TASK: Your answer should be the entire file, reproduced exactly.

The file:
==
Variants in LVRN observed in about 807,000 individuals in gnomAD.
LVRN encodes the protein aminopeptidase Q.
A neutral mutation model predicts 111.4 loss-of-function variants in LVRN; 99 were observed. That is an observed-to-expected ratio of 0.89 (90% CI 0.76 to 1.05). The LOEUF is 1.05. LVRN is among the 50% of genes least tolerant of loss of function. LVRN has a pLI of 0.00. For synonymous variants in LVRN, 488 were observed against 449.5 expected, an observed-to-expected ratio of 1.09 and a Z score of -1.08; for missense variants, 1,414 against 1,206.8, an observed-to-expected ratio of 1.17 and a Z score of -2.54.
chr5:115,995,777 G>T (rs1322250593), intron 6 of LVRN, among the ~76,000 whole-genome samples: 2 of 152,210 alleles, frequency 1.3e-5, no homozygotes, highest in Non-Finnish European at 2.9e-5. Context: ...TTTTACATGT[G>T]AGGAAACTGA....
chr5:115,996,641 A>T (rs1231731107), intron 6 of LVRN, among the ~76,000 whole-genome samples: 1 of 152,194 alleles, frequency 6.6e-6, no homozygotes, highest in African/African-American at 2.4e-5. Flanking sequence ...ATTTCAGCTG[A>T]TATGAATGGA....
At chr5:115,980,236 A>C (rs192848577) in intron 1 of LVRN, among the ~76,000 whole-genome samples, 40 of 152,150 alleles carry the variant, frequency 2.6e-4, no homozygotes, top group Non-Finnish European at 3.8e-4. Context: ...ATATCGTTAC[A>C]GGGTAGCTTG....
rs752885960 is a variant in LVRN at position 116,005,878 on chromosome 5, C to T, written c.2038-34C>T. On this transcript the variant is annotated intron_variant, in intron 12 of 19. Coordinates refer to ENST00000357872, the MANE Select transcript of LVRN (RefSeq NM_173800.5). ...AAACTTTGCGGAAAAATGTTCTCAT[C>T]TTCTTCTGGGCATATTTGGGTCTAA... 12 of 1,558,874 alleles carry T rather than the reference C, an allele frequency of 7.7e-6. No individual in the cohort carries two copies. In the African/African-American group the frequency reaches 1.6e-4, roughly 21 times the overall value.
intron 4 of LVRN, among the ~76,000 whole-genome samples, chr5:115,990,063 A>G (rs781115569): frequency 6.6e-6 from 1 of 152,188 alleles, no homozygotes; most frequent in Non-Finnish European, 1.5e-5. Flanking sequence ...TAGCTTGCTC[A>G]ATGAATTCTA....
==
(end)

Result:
Variants in LVRN observed in about 807,000 individuals in gnomAD.
LVRN encodes the protein aminopeptidase Q.
A neutral mutation model predicts 111.4 loss-of-function variants in LVRN; 99 were observed. That is an observed-to-expected ratio of 0.89 (90% CI 0.76 to 1.05). The LOEUF is 1.05. LVRN is among the 50% of genes least tolerant of loss of function. LVRN has a pLI of 0.00. For synonymous variants in LVRN, 488 were observed against 449.5 expected, an observed-to-expected ratio of 1.09 and a Z score of -1.08; for missense variants, 1,414 against 1,206.8, an observed-to-expected ratio of 1.17 and a Z score of -2.54.
chr5:115,995,777 G>T (rs1322250593), intron 6 of LVRN, among the ~76,000 whole-genome samples: 2 of 152,210 alleles, frequency 1.3e-5, no homozygotes, highest in Non-Finnish European at 2.9e-5. Context: ...TTTTACATGT[G>T]AGGAAACTGA....
chr5:115,996,641 A>T (rs1231731107), intron 6 of LVRN, among the ~76,000 whole-genome samples: 1 of 152,194 alleles, frequency 6.6e-6, no homozygotes, highest in African/African-American at 2.4e-5. Flanking sequence ...ATTTCAGCTG[A>T]TATGAATGGA....
At chr5:115,980,236 A>C (rs192848577) in intron 1 of LVRN, among the ~76,000 whole-genome samples, 40 of 152,150 alleles carry the variant, frequency 2.6e-4, no homozygotes, top group Non-Finnish European at 3.8e-4. Context: ...ATATCGTTAC[A>C]GGGTAGCTTG....
rs752885960 is a variant in LVRN at position 116,005,878 on chromosome 5, C to T, written c.2038-34C>T. On this transcript the variant is annotated intron_variant, in intron 12 of 19. Coordinates refer to ENST00000357872, the MANE Select transcript of LVRN (RefSeq NM_173800.5). ...AAACTTTGCGGAAAAATGTTCTCAT[C>T]TTCTTCTGGGCATATTTGGGTCTAA... 12 of 1,558,874 alleles carry T rather than the reference C, an allele frequency of 7.7e-6. No individual in the cohort carries two copies. In the African/African-American group the frequency reaches 1.6e-4, roughly 21 times the overall value.
intron 4 of LVRN, among the ~76,000 whole-genome samples, chr5:115,990,063 A>G (rs781115569): frequency 6.6e-6 from 1 of 152,188 alleles, no homozygotes; most frequent in Non-Finnish European, 1.5e-5. Flanking sequence ...TAGCTTGCTC[A>G]ATGAATTCTA....